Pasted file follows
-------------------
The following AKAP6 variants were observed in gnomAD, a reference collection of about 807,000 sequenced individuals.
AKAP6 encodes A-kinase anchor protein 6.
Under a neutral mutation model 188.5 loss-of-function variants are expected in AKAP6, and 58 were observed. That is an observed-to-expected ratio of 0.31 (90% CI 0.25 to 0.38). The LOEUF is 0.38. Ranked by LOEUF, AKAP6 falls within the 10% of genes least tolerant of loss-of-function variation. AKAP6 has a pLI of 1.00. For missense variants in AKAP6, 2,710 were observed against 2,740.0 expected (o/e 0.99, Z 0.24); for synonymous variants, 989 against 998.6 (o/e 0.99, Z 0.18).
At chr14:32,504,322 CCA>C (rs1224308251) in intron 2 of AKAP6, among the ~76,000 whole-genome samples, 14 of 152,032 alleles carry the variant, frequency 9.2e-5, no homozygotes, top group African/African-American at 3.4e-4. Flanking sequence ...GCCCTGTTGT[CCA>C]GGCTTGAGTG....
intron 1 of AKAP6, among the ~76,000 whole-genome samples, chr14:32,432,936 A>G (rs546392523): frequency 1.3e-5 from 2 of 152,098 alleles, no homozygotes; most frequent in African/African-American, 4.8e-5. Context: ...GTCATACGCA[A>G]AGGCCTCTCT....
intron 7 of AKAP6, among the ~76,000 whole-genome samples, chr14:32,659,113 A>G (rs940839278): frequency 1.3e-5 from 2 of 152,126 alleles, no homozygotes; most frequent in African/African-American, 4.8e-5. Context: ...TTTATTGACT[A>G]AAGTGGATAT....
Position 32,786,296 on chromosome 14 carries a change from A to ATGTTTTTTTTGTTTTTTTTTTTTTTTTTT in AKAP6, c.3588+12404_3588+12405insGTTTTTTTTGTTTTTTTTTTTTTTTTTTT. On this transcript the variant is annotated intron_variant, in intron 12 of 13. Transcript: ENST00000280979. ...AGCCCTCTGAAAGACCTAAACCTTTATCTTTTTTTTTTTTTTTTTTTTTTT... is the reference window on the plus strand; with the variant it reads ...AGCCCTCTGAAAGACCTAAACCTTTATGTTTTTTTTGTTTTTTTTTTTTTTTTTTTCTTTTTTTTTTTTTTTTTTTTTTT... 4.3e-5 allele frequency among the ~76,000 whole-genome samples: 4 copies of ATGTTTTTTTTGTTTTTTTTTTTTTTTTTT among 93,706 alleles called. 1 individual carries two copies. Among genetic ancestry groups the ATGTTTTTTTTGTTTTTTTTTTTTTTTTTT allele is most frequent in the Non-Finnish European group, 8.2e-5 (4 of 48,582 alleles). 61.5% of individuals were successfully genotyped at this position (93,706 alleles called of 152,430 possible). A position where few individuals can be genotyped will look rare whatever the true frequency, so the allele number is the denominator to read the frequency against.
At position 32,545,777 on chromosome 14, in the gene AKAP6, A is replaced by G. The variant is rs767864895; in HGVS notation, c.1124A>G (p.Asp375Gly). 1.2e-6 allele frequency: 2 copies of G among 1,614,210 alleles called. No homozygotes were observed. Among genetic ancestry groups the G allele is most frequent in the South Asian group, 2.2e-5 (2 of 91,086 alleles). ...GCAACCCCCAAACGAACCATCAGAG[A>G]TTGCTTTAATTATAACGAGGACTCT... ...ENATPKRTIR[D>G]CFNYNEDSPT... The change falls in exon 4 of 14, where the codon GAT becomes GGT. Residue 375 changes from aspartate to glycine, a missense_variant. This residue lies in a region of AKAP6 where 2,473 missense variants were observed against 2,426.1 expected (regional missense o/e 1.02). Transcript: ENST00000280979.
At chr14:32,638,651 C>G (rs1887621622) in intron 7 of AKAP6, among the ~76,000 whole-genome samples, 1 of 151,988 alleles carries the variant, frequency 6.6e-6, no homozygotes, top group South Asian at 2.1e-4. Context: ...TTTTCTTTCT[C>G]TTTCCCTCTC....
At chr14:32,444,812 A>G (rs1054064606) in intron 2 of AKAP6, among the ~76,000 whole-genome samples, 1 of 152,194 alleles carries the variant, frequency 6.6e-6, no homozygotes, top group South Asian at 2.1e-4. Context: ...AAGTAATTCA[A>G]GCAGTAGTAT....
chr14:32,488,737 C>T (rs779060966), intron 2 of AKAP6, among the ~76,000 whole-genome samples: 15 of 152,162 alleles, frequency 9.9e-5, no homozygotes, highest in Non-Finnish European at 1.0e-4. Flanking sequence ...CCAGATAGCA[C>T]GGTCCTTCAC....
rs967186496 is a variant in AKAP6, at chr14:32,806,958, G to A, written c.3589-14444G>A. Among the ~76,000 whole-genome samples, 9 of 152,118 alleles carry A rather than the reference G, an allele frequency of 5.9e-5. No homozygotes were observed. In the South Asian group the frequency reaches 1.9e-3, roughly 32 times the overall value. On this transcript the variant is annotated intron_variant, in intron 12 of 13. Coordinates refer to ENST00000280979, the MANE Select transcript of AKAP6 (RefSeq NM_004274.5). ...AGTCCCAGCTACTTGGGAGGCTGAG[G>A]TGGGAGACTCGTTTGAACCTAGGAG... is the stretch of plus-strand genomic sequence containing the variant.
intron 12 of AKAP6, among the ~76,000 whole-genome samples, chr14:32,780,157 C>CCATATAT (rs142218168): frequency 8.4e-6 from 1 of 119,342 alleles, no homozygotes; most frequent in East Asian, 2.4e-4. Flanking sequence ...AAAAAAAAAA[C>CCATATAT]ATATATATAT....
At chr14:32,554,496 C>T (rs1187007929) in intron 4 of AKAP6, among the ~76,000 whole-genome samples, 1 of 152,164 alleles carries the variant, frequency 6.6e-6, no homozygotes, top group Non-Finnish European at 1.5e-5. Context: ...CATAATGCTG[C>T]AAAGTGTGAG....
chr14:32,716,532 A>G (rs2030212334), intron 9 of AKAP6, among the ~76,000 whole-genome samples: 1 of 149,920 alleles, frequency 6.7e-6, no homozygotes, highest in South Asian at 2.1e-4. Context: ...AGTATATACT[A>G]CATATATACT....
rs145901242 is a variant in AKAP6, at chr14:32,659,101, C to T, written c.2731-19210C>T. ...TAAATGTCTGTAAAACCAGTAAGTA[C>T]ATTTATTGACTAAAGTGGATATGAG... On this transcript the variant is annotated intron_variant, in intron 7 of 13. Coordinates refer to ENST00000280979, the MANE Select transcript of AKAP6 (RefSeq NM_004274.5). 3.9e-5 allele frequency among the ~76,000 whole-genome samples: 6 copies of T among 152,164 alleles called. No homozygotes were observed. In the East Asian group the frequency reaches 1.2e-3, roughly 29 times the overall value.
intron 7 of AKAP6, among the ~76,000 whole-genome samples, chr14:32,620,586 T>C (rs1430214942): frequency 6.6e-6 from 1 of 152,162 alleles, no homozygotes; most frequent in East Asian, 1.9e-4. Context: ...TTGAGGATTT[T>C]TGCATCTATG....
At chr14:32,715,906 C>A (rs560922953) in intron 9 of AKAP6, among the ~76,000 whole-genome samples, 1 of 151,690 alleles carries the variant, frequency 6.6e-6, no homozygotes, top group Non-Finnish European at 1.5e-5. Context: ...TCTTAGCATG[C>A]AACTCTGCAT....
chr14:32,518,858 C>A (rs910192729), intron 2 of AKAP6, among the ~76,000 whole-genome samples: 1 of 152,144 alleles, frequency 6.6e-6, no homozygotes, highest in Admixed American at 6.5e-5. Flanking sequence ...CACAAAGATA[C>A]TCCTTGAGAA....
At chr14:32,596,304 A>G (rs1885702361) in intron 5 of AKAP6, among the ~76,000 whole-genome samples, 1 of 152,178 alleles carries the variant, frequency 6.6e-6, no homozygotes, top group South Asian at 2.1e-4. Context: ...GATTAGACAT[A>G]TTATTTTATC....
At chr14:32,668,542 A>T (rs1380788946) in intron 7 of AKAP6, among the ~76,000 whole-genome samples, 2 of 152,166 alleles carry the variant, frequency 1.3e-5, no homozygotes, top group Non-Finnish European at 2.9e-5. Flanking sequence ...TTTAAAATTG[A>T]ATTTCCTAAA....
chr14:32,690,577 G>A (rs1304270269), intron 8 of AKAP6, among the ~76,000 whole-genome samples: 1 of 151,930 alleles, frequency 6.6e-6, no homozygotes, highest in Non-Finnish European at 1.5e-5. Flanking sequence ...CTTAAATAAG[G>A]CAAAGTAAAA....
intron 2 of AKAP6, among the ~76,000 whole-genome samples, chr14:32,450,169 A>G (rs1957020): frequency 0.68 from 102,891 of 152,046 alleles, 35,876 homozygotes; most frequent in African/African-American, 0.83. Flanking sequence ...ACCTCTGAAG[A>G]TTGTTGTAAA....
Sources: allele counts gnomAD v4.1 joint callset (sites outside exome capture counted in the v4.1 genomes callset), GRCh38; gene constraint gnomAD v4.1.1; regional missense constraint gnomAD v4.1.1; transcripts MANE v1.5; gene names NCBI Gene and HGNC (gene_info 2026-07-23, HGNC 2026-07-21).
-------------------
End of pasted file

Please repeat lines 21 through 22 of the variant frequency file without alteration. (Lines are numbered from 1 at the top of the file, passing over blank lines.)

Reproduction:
At chr14:32,668,542 A>T (rs1380788946) in intron 7 of AKAP6, among the ~76,000 whole-genome samples, 2 of 152,166 alleles carry the variant, frequency 1.3e-5, no homozygotes, top group Non-Finnish European at 2.9e-5. Flanking sequence ...TTTAAAATTG[A>T]ATTTCCTAAA....
chr14:32,690,577 G>A (rs1304270269), intron 8 of AKAP6, among the ~76,000 whole-genome samples: 1 of 151,930 alleles, frequency 6.6e-6, no homozygotes, highest in Non-Finnish European at 1.5e-5. Flanking sequence ...CTTAAATAAG[G>A]CAAAGTAAAA....